C of E Welcomes Vatican Climate Statement

by Gerry Lynch last modified 30 Apr, 2015 10:58 AM

Bishop Nicholas has welcomed a Pontifical Academies’ statement on climate change on behalf of the Church of England

C of E Welcomes Vatican Climate Statement

The instrumental record of global average temperatures as compiled by the NASA's Goddard Institute for Space Studies in 2006. Graphic used under Creative Commons and created by user "Dragon's fight" on Wikimedia Commons.

Bishop Nicholas, as the Church of England’s lead bishop on the environment, has welcomed a Vatican statement stating that climate change is largely caused by human activity and mitigating it is a ‘moral and religious imperative for humanity’. 

The statement on climate change was made by the Pontifical Academy of Sciences and the Pontifical Academy of Social Sciences after a landmark conference in the Vatican this week. The keynote speaker at the conference was UN Secretary General, Ban Ki-moon. 

Bishop Nicholas said, “Climate change is the greatest moral challenge of our day, for people of all faiths and people of no faith. I am delighted that the Pontifical Academy of Sciences and the Pontifical Academy of Social Sciences have so clearly supported the scientific consensus that the major driver of climate change is almost certainly our burning of fossil fuels.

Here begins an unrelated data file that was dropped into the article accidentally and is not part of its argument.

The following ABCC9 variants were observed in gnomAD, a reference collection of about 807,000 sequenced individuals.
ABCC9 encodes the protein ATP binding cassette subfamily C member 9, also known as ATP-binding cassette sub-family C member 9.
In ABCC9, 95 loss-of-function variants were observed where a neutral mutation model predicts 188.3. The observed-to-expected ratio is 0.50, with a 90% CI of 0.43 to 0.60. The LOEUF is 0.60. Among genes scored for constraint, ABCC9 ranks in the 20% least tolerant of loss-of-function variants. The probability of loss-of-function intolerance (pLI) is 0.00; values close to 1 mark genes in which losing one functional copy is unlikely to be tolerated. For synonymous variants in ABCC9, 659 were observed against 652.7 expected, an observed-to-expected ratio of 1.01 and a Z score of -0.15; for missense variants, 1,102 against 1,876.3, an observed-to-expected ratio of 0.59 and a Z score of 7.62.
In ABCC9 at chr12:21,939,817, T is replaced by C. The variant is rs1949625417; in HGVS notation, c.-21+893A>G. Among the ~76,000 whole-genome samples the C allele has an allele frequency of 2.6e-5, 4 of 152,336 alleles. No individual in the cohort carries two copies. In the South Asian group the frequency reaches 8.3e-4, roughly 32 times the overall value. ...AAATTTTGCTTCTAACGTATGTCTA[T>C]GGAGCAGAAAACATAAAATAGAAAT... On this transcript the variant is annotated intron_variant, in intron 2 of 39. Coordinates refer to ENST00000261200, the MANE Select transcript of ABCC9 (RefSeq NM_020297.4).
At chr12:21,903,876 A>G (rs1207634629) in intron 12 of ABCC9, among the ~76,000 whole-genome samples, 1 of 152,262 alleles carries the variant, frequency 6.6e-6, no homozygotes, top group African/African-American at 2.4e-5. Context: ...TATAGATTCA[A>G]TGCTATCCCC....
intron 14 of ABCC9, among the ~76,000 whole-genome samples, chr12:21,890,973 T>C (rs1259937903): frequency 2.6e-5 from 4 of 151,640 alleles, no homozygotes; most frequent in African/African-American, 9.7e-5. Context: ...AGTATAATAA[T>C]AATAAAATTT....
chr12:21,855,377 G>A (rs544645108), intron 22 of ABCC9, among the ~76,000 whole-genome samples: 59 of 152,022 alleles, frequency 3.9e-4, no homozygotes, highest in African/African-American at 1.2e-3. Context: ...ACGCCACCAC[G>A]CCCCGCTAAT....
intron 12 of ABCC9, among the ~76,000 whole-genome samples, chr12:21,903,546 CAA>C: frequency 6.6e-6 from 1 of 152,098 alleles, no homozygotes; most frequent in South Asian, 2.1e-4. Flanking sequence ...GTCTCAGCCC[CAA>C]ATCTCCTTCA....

“Our current fossil fuel use is equivalent to releasing the energy of 400,000 Hiroshimas into the atmosphere every day. It is simply not credible that we can introduce an externality of that scale into the atmospheric and oceanic systems that make life of on earth possible, without seeing serious consequences. 

“As the Vatican statement makes clear, climate change is an issue that should unite not only Christian churches, but all the world’s faiths. People of faith understand the Earth as God’s gift, not our plaything. 

“The importance of faith was recognised in UN Secretary General Ban Ki-moon’s keynote address to the conference where he rightly said that, ‘Science and religion are not at odds on climate change. Indeed, they are fully aligned.’ 

“The world’s poorest suffer the most severe consequences of climate change, a problem to which they contribute little. The consequences of climate change are being felt most clearly in very poor Pacific, Asian and African nations with some of the lowest levels of carbon emissions in the world. 

“When 17 Anglican bishops met to discuss our Communion’s response to climate change this fundamental injustice weighed heavily on our deliberations. Our Roman Catholic brothers and sisters have also made it clear that climate change imposes the heaviest burden on the poorest and least complicit in a way that is simply immoral. 

“Young people are particularly engaged in the need to mitigate climate change and the economic inequalities that makes its impact worse. Their commitment and broad global vision renews my hope that this is a challenge we can, and shall, overcome.”

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